https://www.pjrc.com/teensy/languages.html

(mid-page)

LabVIEW

LINX replaces older libraries for using Labview.

This modified Arduino code allows Teensy 2.0 or Teensy++ 2.0 to work with LabVIEW's Arduino library.

Special thanks to Nicholas Ross for testing and providing these LabVIEW images:

 

      

 

See this conversation regarding use of Teensy 3.1 with LabVIEW.

LabVIEW is inexpensive (50USD, 65EUR) for personal and private operators (Windows only)

The LabVIEW Base subscription is relatively inexpensive for commercial operators (Windows only)

LabVIEW is multi-platform for the complete and professional versions.

 

https://www.labviewmakerhub.com/doku.php?id=get_labview

http://www.ni.com/en-us/shop/labview/select-edition.html

 

"Dare to be naïve." - Buckminster Fuller

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gchapman wrote:

 

LabVIEW is inexpensive (50USD, 65EUR) for personal and private operators (Windows only)

The LabVIEW Base subscription is relatively inexpensive for commercial operators (Windows only)

LabVIEW is multi-platform for the complete and professional versions.

 

https://www.labviewmakerhub.com/doku.php?id=get_labview

http://www.ni.com/en-us/shop/labview/select-edition.html

 

 

It is a very powerful programming language with much software modules. It is important you spend some time to plan your code on paper before you start coding.  It can get messy if you don't plan what you really want to do. 

LV has a wide range of hardware. Most HW are expensive but there are also inexpensive. The best thing with LV are that you get a good GUI very quick.

 

You can download Labview for Students for free. I can post the link  if I find it.

 

T

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"Dare to be naïve." - Buckminster Fuller

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Swedman wrote:
It is important you spend some time to plan your code on paper before you start coding.
That's true of any programming language! :-)

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clawson wrote:

Swedman wrote:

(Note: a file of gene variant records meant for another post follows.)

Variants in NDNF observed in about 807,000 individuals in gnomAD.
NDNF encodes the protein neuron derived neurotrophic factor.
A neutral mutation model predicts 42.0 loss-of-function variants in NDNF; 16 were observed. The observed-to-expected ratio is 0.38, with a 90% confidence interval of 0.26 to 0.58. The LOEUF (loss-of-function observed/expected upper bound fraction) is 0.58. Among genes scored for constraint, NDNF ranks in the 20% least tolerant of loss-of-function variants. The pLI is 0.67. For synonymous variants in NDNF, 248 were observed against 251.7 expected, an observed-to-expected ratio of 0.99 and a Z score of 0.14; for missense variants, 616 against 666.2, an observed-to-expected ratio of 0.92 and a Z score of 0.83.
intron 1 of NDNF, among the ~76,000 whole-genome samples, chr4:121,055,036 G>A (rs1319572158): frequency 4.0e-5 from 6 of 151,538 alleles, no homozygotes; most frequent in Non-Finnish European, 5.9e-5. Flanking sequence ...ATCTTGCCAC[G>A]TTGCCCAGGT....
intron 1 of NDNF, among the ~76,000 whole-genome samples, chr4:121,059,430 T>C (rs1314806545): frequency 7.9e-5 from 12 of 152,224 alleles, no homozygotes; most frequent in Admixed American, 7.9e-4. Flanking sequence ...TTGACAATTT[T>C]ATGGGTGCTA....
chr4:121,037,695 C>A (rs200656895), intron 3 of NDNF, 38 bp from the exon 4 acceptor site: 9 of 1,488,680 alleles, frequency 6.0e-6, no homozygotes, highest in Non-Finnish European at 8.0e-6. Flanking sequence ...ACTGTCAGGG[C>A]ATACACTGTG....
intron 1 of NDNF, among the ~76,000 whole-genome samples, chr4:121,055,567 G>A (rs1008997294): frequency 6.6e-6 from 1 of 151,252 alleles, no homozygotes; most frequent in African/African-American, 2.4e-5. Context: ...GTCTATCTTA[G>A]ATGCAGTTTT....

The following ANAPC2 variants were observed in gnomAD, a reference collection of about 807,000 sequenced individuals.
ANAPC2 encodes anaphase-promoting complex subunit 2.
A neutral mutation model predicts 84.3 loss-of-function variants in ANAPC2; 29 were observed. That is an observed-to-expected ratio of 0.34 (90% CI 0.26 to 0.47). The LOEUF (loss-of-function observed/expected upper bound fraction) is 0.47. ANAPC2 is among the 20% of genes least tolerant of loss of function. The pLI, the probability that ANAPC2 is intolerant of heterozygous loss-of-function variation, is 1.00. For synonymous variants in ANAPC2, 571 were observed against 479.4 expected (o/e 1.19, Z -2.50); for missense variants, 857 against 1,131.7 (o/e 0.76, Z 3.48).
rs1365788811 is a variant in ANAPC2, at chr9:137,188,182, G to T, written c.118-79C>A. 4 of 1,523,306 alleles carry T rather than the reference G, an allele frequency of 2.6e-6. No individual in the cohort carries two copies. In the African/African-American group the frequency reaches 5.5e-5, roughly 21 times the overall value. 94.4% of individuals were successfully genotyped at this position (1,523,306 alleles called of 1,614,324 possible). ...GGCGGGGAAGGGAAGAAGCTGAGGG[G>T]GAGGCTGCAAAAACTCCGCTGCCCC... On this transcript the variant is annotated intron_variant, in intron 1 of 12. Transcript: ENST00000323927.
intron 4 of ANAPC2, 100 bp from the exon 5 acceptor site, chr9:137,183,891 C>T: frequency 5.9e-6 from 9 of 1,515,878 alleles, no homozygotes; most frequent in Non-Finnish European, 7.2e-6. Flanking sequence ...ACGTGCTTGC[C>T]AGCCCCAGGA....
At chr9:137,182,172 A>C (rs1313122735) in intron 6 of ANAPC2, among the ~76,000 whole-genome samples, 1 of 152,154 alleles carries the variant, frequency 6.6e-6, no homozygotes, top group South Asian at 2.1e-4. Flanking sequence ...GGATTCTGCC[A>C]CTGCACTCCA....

It is important you spend some time to plan your code on paper before you start coding.

 

That's true of any programming language! :-)

 

More or less. Labview can very very easy get cluttered if you don't think twice. Modual programming are very important. I have many messy programs that start small and getting bigger and bigger. Yuck!  :-(

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Swedman wrote:

clawson wrote:

 

Swedman wrote:

It is important you spend some time to plan your code on paper before you start coding.

That's true of any programming language! :-)

More or less. 

No, I don't think there's any "more or less" about it - it really is just a basic thing, which applies to any programming language!

 

In fact, it's not just programming - also applies to hardware, etc ...

 

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  3. Wrong baud rate is usually due to not running at the speed you thought; check by blinking a LED to see if you get the speed you expected
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theusch wrote:
As I never forget, perhaps I need a new avatar...

Image result for elephant in sunglasses

"Experience is what enables you to recognise a mistake the second time you make it."

"Good judgement comes from experience.  Experience comes from bad judgement."

"Wisdom is always wont to arrive late, and to be a little approximate on first possession."

"When you hear hoofbeats, think horses, not unicorns."

"Fast.  Cheap.  Good.  Pick two."

"Read a lot.  Write a lot."

"We see a lot of arses on handlebars around here." - [J Ekdahl]

 

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Anyone British may recognize that as looking awfully like The Pink Pongo!